Reactor due to come online in March could elevate risk of an arms race and environmental catastrophe
(January 17, 2020) — When it comes to safeguarding the wellbeing of planet Earth, fossil fuels are an increasingly controversial energy source. Nuclear is arguably more so, given the experience of Chernobyl and the potential to convert civilian nuclear technology to military uses.
Those risks become even more ominous when a nuclear power plant is introduced into a tinderbox of geopolitical rivalries like the Arabian Peninsula.
But that’s where the region is headed.
This week, the world learned that after years of delays, the United Arab Emirates is set to bring the first of four nuclear reactors in the Al Dhafra Region of Abu Dhabi online by the end of March.
The UAE’s nuclear power plant is named Barakah — Arabic for “divine blessing”. That is how UAE Minister of State Sultan bin Ahmad Sultan Al Jaber spun it at the Abu Dhabi Sustainability Week conference, telling reporters earlier this week “we will become the first country in the region to deliver safe, commercial and peaceful nuclear power”.
But some nuclear experts are not so sanguine, and are warning of the potential curse that could be unleashed by Barakah, from a nuclear arms race to environmental catastrophe.
‘Significant Questions’ about Relative Safety
A recent report by Paul Dorfman, chair of the non-profit Nuclear Consulting Group, titled Gulf Nuclear Ambition: New Reactors in the United Arab Emirates, highlights myriad risks inherent in Barakah’s design.
Among the most prominent red flags is the firm that won the contract to build Barakah — Korea Electric Power Corporation (KEPCO), which clinched the deal with a bid that was “spectacularly low, about 30% lower than the next cheapest bid,” the report says.
That bargain-basement price was made possible, the report notes, thanks to a lack of “key improved safety design features” normally expected on new European reactors but missing from those built by KEPCO.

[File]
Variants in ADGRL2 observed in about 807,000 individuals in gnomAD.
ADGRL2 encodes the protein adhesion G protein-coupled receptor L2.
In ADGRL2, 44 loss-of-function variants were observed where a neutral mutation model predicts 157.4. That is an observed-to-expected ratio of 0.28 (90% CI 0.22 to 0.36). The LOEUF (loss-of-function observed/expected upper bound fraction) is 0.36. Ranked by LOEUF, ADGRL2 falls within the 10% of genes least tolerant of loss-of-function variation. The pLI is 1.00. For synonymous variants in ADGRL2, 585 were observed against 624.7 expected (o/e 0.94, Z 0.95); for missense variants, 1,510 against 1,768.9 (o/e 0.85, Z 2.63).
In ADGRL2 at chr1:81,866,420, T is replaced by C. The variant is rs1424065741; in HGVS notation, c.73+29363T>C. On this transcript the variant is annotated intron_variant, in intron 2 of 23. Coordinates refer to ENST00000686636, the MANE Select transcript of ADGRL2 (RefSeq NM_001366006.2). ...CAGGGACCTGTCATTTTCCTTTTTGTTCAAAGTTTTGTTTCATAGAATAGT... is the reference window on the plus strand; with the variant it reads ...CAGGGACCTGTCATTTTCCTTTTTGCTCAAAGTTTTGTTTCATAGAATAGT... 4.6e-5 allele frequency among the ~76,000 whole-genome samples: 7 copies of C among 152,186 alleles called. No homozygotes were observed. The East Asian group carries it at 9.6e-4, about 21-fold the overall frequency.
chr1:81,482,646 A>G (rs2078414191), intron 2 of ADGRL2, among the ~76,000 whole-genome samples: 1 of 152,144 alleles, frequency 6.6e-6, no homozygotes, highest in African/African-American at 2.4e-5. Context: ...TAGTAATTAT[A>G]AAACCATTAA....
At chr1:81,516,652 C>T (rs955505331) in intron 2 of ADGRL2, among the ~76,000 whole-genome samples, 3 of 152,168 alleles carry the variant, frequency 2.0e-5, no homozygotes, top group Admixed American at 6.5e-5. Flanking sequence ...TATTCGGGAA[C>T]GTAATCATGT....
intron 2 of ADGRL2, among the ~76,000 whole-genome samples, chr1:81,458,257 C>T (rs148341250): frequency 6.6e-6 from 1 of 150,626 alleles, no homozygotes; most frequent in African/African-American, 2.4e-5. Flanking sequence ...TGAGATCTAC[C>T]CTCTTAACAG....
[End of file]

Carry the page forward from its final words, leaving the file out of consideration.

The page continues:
Such features include a so-called “core catcher” to prevent the nuclear reactor core from breaching the containment building in the event of a meltdown and other defences to guard against a significant radiation release in the event of an accident or deliberate attack on the facility.
Further compounding these omissions, says the report, is “the discovery of cracking in all 4 reactor containment buildings” and the installation of faulty valves — all of which cast doubt over the UAE’s ability to provide “adequate nuclear regulation”.
The UAE is the only country that has purchased a KEPCO reactor. But if it proves unable to contain radioactive fallout resulting from an accident or attack, this won’t just be a problem for the Emirates.
Radioactive fallout travels, and the UAE’s neighbours are already voicing concerns.
In March, Qatar’s foreign affairs ministry reportedly sent a letter to the International Atomic Energy Agency saying that a radioactive plume from an accidental discharge could reach its capital, Doha, within five to 13 hours — and a radiation leak could devastate the Gulf’s water supply due to the region’s heavy reliance on desalination plants.
Regional Tensions and Broader Security Issues
Despite the UAE’s insistence that its nuclear ambitions are peaceful, concerns about the potential for proliferation abound given the geopolitical rifts between neighbouring Gulf countries and the recent ratcheting up of tensions in the Middle East.
This month, fears of a military escalation engulfing the Middle East were heightened after the United States assassinated Iranian General Qassem Soleimani in an air attack and Tehran retaliated with missile attacks on US airbases in Iraq.
Qatar is currently the subject of an ongoing diplomatic, trade and transport blockade by the UAE, Saudi Arabia and Egypt over allegations that Doha supports “terrorism” and is too close to Iran. Qatar has rejected such claims.
In September, a drone attack on Saudi Aramco’s oil facilities raised serious concerns about the vulnerability of the region’s energy infrastructure to assaults.
“As recent military strikes against Saudi oil refineries infer, nuclear safety revolves around the broader issue of security,” notes Dorfman in his report, “especially since belligerent armed groups may view UAE military operations as a reason to target nuclear installations or intercept enriched uranium fuel or waste transfers nationally or regionally.”
Such warnings have not deterred the UAE from pressing ahead and sticking to the script. Abu Dhabi continues to say its nuclear programme is grounded in transparency, safety, security, sustainability and international cooperation.
The region can only hope those principals are enforced as the Arabian Peninsula is pulled across the nuclear threshold.
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